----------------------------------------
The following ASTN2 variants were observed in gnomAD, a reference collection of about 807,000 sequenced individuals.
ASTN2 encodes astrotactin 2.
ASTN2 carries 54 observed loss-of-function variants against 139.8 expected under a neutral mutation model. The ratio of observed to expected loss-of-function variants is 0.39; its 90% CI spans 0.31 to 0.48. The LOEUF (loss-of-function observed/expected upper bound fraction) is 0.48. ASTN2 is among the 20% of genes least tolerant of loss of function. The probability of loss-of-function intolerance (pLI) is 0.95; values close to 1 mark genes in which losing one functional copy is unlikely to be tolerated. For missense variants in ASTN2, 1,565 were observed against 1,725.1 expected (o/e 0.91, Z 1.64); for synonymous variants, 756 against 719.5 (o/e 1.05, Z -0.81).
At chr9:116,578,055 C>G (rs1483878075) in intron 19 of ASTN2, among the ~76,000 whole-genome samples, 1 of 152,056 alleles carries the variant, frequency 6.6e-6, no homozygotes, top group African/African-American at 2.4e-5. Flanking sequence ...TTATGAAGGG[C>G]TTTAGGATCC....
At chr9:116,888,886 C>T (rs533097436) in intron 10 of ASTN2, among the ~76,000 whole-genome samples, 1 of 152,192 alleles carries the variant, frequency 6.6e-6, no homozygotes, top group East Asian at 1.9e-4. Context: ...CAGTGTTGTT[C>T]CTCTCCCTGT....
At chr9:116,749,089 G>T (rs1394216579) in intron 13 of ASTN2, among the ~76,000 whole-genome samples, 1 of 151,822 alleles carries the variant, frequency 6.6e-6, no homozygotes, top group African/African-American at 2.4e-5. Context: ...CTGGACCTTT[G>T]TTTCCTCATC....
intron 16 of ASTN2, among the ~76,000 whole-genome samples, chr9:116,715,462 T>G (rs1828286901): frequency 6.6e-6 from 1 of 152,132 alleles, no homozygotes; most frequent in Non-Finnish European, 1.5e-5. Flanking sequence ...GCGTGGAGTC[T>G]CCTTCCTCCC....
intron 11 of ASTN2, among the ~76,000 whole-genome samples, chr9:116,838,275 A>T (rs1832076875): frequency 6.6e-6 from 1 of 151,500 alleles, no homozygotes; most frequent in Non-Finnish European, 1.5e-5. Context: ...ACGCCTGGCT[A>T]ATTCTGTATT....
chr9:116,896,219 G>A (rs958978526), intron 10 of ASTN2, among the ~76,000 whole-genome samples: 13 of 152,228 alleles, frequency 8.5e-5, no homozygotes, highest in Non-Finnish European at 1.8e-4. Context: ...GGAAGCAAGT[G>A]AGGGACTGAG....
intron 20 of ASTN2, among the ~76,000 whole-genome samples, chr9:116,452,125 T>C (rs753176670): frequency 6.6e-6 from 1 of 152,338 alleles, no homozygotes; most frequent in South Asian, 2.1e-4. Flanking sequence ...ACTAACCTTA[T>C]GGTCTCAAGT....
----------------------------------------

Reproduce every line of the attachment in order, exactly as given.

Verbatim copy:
The following ASTN2 variants were observed in gnomAD, a reference collection of about 807,000 sequenced individuals.
ASTN2 encodes astrotactin 2.
ASTN2 carries 54 observed loss-of-function variants against 139.8 expected under a neutral mutation model. The ratio of observed to expected loss-of-function variants is 0.39; its 90% CI spans 0.31 to 0.48. The LOEUF (loss-of-function observed/expected upper bound fraction) is 0.48. ASTN2 is among the 20% of genes least tolerant of loss of function. The probability of loss-of-function intolerance (pLI) is 0.95; values close to 1 mark genes in which losing one functional copy is unlikely to be tolerated. For missense variants in ASTN2, 1,565 were observed against 1,725.1 expected (o/e 0.91, Z 1.64); for synonymous variants, 756 against 719.5 (o/e 1.05, Z -0.81).
At chr9:116,578,055 C>G (rs1483878075) in intron 19 of ASTN2, among the ~76,000 whole-genome samples, 1 of 152,056 alleles carries the variant, frequency 6.6e-6, no homozygotes, top group African/African-American at 2.4e-5. Flanking sequence ...TTATGAAGGG[C>G]TTTAGGATCC....
At chr9:116,888,886 C>T (rs533097436) in intron 10 of ASTN2, among the ~76,000 whole-genome samples, 1 of 152,192 alleles carries the variant, frequency 6.6e-6, no homozygotes, top group East Asian at 1.9e-4. Context: ...CAGTGTTGTT[C>T]CTCTCCCTGT....
At chr9:116,749,089 G>T (rs1394216579) in intron 13 of ASTN2, among the ~76,000 whole-genome samples, 1 of 151,822 alleles carries the variant, frequency 6.6e-6, no homozygotes, top group African/African-American at 2.4e-5. Context: ...CTGGACCTTT[G>T]TTTCCTCATC....
intron 16 of ASTN2, among the ~76,000 whole-genome samples, chr9:116,715,462 T>G (rs1828286901): frequency 6.6e-6 from 1 of 152,132 alleles, no homozygotes; most frequent in Non-Finnish European, 1.5e-5. Flanking sequence ...GCGTGGAGTC[T>G]CCTTCCTCCC....
intron 11 of ASTN2, among the ~76,000 whole-genome samples, chr9:116,838,275 A>T (rs1832076875): frequency 6.6e-6 from 1 of 151,500 alleles, no homozygotes; most frequent in Non-Finnish European, 1.5e-5. Context: ...ACGCCTGGCT[A>T]ATTCTGTATT....
chr9:116,896,219 G>A (rs958978526), intron 10 of ASTN2, among the ~76,000 whole-genome samples: 13 of 152,228 alleles, frequency 8.5e-5, no homozygotes, highest in Non-Finnish European at 1.8e-4. Context: ...GGAAGCAAGT[G>A]AGGGACTGAG....
intron 20 of ASTN2, among the ~76,000 whole-genome samples, chr9:116,452,125 T>C (rs753176670): frequency 6.6e-6 from 1 of 152,338 alleles, no homozygotes; most frequent in South Asian, 2.1e-4. Flanking sequence ...ACTAACCTTA[T>C]GGTCTCAAGT....